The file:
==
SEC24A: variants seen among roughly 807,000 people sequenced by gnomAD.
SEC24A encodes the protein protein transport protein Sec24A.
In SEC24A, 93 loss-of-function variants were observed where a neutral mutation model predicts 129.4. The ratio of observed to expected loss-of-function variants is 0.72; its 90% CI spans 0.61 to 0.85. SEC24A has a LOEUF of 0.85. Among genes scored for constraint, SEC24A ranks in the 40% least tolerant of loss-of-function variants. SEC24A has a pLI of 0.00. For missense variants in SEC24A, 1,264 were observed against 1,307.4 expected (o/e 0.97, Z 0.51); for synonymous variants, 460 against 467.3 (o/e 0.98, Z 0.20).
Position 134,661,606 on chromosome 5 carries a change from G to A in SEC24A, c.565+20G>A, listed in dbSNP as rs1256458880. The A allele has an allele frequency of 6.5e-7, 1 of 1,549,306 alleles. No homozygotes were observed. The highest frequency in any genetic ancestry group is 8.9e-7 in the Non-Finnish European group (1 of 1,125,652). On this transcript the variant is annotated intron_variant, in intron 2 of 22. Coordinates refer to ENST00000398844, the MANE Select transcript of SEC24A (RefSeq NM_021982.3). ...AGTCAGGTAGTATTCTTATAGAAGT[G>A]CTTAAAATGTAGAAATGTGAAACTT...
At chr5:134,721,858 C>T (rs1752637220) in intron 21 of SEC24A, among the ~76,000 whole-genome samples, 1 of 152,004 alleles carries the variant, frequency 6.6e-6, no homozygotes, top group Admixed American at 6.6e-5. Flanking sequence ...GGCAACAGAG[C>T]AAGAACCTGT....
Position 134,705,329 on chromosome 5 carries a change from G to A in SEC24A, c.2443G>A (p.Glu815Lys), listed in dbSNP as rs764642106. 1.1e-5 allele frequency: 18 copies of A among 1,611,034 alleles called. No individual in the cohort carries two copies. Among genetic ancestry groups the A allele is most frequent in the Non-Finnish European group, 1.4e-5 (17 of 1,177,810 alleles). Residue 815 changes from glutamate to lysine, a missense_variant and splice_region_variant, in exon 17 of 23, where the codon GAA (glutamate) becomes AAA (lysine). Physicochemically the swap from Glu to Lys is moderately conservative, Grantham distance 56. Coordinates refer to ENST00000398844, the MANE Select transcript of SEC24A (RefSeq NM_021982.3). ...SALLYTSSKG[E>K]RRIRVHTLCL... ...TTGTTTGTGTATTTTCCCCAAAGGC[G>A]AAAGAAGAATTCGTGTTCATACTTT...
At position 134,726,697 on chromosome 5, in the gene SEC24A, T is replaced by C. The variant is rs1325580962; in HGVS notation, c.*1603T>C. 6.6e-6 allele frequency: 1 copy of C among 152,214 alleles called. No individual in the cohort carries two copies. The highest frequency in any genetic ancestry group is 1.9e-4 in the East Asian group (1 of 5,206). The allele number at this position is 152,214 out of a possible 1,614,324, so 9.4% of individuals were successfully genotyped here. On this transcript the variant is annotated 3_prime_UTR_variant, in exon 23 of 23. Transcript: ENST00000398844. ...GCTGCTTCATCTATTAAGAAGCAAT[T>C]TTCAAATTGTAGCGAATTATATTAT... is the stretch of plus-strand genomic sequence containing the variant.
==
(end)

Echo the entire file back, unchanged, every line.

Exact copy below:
SEC24A: variants seen among roughly 807,000 people sequenced by gnomAD.
SEC24A encodes the protein protein transport protein Sec24A.
In SEC24A, 93 loss-of-function variants were observed where a neutral mutation model predicts 129.4. The ratio of observed to expected loss-of-function variants is 0.72; its 90% CI spans 0.61 to 0.85. SEC24A has a LOEUF of 0.85. Among genes scored for constraint, SEC24A ranks in the 40% least tolerant of loss-of-function variants. SEC24A has a pLI of 0.00. For missense variants in SEC24A, 1,264 were observed against 1,307.4 expected (o/e 0.97, Z 0.51); for synonymous variants, 460 against 467.3 (o/e 0.98, Z 0.20).
Position 134,661,606 on chromosome 5 carries a change from G to A in SEC24A, c.565+20G>A, listed in dbSNP as rs1256458880. The A allele has an allele frequency of 6.5e-7, 1 of 1,549,306 alleles. No homozygotes were observed. The highest frequency in any genetic ancestry group is 8.9e-7 in the Non-Finnish European group (1 of 1,125,652). On this transcript the variant is annotated intron_variant, in intron 2 of 22. Coordinates refer to ENST00000398844, the MANE Select transcript of SEC24A (RefSeq NM_021982.3). ...AGTCAGGTAGTATTCTTATAGAAGT[G>A]CTTAAAATGTAGAAATGTGAAACTT...
At chr5:134,721,858 C>T (rs1752637220) in intron 21 of SEC24A, among the ~76,000 whole-genome samples, 1 of 152,004 alleles carries the variant, frequency 6.6e-6, no homozygotes, top group Admixed American at 6.6e-5. Flanking sequence ...GGCAACAGAG[C>T]AAGAACCTGT....
Position 134,705,329 on chromosome 5 carries a change from G to A in SEC24A, c.2443G>A (p.Glu815Lys), listed in dbSNP as rs764642106. 1.1e-5 allele frequency: 18 copies of A among 1,611,034 alleles called. No individual in the cohort carries two copies. Among genetic ancestry groups the A allele is most frequent in the Non-Finnish European group, 1.4e-5 (17 of 1,177,810 alleles). Residue 815 changes from glutamate to lysine, a missense_variant and splice_region_variant, in exon 17 of 23, where the codon GAA (glutamate) becomes AAA (lysine). Physicochemically the swap from Glu to Lys is moderately conservative, Grantham distance 56. Coordinates refer to ENST00000398844, the MANE Select transcript of SEC24A (RefSeq NM_021982.3). ...SALLYTSSKG[E>K]RRIRVHTLCL... ...TTGTTTGTGTATTTTCCCCAAAGGC[G>A]AAAGAAGAATTCGTGTTCATACTTT...
At position 134,726,697 on chromosome 5, in the gene SEC24A, T is replaced by C. The variant is rs1325580962; in HGVS notation, c.*1603T>C. 6.6e-6 allele frequency: 1 copy of C among 152,214 alleles called. No individual in the cohort carries two copies. The highest frequency in any genetic ancestry group is 1.9e-4 in the East Asian group (1 of 5,206). The allele number at this position is 152,214 out of a possible 1,614,324, so 9.4% of individuals were successfully genotyped here. On this transcript the variant is annotated 3_prime_UTR_variant, in exon 23 of 23. Transcript: ENST00000398844. ...GCTGCTTCATCTATTAAGAAGCAAT[T>C]TTCAAATTGTAGCGAATTATATTAT... is the stretch of plus-strand genomic sequence containing the variant.